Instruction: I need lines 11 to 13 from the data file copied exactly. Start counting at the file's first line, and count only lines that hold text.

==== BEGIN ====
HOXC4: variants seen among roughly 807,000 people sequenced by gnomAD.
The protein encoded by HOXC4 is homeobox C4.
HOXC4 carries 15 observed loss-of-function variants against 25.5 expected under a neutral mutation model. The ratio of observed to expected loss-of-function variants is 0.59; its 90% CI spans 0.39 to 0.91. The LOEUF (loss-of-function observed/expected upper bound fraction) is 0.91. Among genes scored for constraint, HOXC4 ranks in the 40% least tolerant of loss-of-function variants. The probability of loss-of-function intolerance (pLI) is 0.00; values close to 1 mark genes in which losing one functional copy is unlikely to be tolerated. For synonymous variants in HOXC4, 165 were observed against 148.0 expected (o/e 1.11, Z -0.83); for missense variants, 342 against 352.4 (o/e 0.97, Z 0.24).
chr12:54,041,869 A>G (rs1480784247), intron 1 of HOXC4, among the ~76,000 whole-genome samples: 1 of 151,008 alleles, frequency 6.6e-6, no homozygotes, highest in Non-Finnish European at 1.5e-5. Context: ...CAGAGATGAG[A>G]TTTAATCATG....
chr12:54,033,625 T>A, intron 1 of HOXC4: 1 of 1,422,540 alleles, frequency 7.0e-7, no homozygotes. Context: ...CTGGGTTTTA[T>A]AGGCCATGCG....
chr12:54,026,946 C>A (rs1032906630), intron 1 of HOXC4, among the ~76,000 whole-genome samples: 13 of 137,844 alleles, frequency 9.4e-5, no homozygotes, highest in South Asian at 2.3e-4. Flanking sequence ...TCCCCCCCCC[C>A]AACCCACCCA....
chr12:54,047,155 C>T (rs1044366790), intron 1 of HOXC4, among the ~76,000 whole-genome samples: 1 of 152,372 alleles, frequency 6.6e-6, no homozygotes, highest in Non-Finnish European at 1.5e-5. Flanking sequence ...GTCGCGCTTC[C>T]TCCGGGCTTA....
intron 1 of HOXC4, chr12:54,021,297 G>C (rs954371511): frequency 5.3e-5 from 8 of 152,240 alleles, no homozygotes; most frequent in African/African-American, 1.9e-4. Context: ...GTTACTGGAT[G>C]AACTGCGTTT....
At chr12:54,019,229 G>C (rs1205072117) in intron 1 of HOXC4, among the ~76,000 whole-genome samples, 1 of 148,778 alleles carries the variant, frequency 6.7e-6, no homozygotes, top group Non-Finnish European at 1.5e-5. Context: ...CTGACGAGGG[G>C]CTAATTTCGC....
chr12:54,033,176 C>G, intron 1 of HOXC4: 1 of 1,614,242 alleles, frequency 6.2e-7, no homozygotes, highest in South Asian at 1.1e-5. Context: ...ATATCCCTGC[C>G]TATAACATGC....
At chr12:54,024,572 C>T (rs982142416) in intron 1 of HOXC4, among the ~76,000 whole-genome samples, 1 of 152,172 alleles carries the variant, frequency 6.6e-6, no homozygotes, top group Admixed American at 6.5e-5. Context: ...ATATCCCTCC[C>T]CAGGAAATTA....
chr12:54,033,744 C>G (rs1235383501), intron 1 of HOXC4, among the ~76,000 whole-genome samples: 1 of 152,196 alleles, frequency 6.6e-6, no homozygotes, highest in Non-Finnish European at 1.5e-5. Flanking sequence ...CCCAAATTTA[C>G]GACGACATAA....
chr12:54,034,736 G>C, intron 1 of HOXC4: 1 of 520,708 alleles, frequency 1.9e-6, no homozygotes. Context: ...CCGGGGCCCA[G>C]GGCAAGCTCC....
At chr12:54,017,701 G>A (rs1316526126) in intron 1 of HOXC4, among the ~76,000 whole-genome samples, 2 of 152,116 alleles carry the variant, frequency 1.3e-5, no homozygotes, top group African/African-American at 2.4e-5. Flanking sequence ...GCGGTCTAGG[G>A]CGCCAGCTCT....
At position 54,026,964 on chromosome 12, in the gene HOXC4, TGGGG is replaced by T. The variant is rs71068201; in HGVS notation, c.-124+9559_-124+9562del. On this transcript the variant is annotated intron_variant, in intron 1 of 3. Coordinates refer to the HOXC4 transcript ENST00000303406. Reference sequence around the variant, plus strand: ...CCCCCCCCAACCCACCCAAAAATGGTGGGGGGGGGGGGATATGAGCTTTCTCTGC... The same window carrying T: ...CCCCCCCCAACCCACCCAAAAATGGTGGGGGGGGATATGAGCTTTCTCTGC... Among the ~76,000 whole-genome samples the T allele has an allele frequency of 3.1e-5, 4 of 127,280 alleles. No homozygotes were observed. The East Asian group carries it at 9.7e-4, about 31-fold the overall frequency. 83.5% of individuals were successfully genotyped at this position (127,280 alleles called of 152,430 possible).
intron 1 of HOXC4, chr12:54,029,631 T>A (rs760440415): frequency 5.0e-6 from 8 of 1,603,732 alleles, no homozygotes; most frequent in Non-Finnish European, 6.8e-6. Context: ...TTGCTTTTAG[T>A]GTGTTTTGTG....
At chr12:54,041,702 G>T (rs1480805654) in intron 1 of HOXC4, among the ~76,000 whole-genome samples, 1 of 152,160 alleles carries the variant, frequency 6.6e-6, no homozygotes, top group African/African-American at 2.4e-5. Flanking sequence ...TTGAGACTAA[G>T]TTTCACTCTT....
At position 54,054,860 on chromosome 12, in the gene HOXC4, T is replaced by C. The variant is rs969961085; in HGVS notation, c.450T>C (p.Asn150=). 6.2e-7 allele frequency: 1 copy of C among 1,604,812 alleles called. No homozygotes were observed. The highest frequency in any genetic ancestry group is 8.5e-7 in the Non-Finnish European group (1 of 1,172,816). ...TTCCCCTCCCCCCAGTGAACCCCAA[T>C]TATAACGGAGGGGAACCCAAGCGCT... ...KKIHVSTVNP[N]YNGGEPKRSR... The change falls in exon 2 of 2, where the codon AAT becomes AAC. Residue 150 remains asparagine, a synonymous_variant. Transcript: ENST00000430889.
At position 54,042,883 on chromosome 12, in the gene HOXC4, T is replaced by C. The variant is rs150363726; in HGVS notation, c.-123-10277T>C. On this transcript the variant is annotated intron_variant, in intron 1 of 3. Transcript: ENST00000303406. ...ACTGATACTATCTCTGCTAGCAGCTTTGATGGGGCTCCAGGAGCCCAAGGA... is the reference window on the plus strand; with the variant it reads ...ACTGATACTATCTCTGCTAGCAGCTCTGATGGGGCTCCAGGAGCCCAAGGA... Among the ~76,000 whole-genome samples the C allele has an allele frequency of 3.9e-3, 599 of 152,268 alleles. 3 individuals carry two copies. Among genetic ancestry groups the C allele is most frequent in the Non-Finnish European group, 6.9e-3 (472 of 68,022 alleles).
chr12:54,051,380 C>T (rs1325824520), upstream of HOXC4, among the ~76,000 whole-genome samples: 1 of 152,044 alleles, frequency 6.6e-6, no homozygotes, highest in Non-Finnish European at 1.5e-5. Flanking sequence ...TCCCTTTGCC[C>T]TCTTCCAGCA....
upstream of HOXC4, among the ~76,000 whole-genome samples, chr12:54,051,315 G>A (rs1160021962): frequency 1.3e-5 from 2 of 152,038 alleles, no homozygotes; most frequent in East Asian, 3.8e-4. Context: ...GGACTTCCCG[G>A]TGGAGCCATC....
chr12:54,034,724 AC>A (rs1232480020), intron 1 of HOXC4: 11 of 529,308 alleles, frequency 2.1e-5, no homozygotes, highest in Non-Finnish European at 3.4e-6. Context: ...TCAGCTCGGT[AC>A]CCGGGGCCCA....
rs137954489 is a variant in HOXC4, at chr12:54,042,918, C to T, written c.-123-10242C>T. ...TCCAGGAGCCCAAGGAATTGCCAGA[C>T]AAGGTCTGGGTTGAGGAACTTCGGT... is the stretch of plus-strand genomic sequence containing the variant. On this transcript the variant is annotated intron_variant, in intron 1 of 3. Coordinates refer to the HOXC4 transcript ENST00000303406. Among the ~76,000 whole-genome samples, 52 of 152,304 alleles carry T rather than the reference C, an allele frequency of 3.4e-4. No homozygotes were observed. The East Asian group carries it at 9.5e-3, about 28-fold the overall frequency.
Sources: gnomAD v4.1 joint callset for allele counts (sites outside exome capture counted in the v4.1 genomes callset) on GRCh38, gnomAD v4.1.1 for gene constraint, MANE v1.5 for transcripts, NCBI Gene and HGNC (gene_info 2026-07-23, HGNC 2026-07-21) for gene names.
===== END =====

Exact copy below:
At chr12:54,024,572 C>T (rs982142416) in intron 1 of HOXC4, among the ~76,000 whole-genome samples, 1 of 152,172 alleles carries the variant, frequency 6.6e-6, no homozygotes, top group Admixed American at 6.5e-5. Context: ...ATATCCCTCC[C>T]CAGGAAATTA....
chr12:54,033,744 C>G (rs1235383501), intron 1 of HOXC4, among the ~76,000 whole-genome samples: 1 of 152,196 alleles, frequency 6.6e-6, no homozygotes, highest in Non-Finnish European at 1.5e-5. Flanking sequence ...CCCAAATTTA[C>G]GACGACATAA....
chr12:54,034,736 G>C, intron 1 of HOXC4: 1 of 520,708 alleles, frequency 1.9e-6, no homozygotes. Context: ...CCGGGGCCCA[G>C]GGCAAGCTCC....